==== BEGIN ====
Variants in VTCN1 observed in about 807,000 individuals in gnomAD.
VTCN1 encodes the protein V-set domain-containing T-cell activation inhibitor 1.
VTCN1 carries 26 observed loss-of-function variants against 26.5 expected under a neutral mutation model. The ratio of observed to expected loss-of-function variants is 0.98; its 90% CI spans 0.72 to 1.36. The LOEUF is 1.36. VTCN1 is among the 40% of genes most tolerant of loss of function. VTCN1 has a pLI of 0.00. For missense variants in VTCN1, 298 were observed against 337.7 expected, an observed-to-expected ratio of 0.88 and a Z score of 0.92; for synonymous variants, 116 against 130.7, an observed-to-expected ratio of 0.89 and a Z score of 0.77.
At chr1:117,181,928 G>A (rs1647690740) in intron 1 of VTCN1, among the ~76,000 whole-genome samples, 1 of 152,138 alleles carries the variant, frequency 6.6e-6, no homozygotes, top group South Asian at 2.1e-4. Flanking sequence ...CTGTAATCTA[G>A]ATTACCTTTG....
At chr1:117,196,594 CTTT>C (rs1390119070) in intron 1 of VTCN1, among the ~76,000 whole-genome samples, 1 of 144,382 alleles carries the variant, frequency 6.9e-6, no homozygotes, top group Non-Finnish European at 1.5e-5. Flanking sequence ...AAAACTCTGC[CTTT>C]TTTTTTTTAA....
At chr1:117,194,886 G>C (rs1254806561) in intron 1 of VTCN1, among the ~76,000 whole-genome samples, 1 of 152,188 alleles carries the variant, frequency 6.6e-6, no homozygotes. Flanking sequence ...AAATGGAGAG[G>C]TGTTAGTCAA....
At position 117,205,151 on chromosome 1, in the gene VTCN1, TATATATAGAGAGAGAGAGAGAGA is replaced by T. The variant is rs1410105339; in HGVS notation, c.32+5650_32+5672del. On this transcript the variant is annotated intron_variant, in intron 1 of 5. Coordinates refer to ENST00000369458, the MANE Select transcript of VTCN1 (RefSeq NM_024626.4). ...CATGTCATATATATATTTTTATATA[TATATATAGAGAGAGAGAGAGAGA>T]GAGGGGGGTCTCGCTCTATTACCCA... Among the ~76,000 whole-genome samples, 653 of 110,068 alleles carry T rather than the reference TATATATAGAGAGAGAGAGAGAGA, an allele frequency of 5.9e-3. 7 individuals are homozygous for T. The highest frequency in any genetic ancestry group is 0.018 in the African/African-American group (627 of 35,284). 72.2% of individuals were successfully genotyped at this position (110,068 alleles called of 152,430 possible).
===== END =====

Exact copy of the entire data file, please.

Variants in VTCN1 observed in about 807,000 individuals in gnomAD.
VTCN1 encodes the protein V-set domain-containing T-cell activation inhibitor 1.
VTCN1 carries 26 observed loss-of-function variants against 26.5 expected under a neutral mutation model. The ratio of observed to expected loss-of-function variants is 0.98; its 90% CI spans 0.72 to 1.36. The LOEUF is 1.36. VTCN1 is among the 40% of genes most tolerant of loss of function. VTCN1 has a pLI of 0.00. For missense variants in VTCN1, 298 were observed against 337.7 expected, an observed-to-expected ratio of 0.88 and a Z score of 0.92; for synonymous variants, 116 against 130.7, an observed-to-expected ratio of 0.89 and a Z score of 0.77.
At chr1:117,181,928 G>A (rs1647690740) in intron 1 of VTCN1, among the ~76,000 whole-genome samples, 1 of 152,138 alleles carries the variant, frequency 6.6e-6, no homozygotes, top group South Asian at 2.1e-4. Flanking sequence ...CTGTAATCTA[G>A]ATTACCTTTG....
At chr1:117,196,594 CTTT>C (rs1390119070) in intron 1 of VTCN1, among the ~76,000 whole-genome samples, 1 of 144,382 alleles carries the variant, frequency 6.9e-6, no homozygotes, top group Non-Finnish European at 1.5e-5. Flanking sequence ...AAAACTCTGC[CTTT>C]TTTTTTTTAA....
At chr1:117,194,886 G>C (rs1254806561) in intron 1 of VTCN1, among the ~76,000 whole-genome samples, 1 of 152,188 alleles carries the variant, frequency 6.6e-6, no homozygotes. Flanking sequence ...AAATGGAGAG[G>C]TGTTAGTCAA....
At position 117,205,151 on chromosome 1, in the gene VTCN1, TATATATAGAGAGAGAGAGAGAGA is replaced by T. The variant is rs1410105339; in HGVS notation, c.32+5650_32+5672del. On this transcript the variant is annotated intron_variant, in intron 1 of 5. Coordinates refer to ENST00000369458, the MANE Select transcript of VTCN1 (RefSeq NM_024626.4). ...CATGTCATATATATATTTTTATATA[TATATATAGAGAGAGAGAGAGAGA>T]GAGGGGGGTCTCGCTCTATTACCCA... Among the ~76,000 whole-genome samples, 653 of 110,068 alleles carry T rather than the reference TATATATAGAGAGAGAGAGAGAGA, an allele frequency of 5.9e-3. 7 individuals are homozygous for T. The highest frequency in any genetic ancestry group is 0.018 in the African/African-American group (627 of 35,284). 72.2% of individuals were successfully genotyped at this position (110,068 alleles called of 152,430 possible).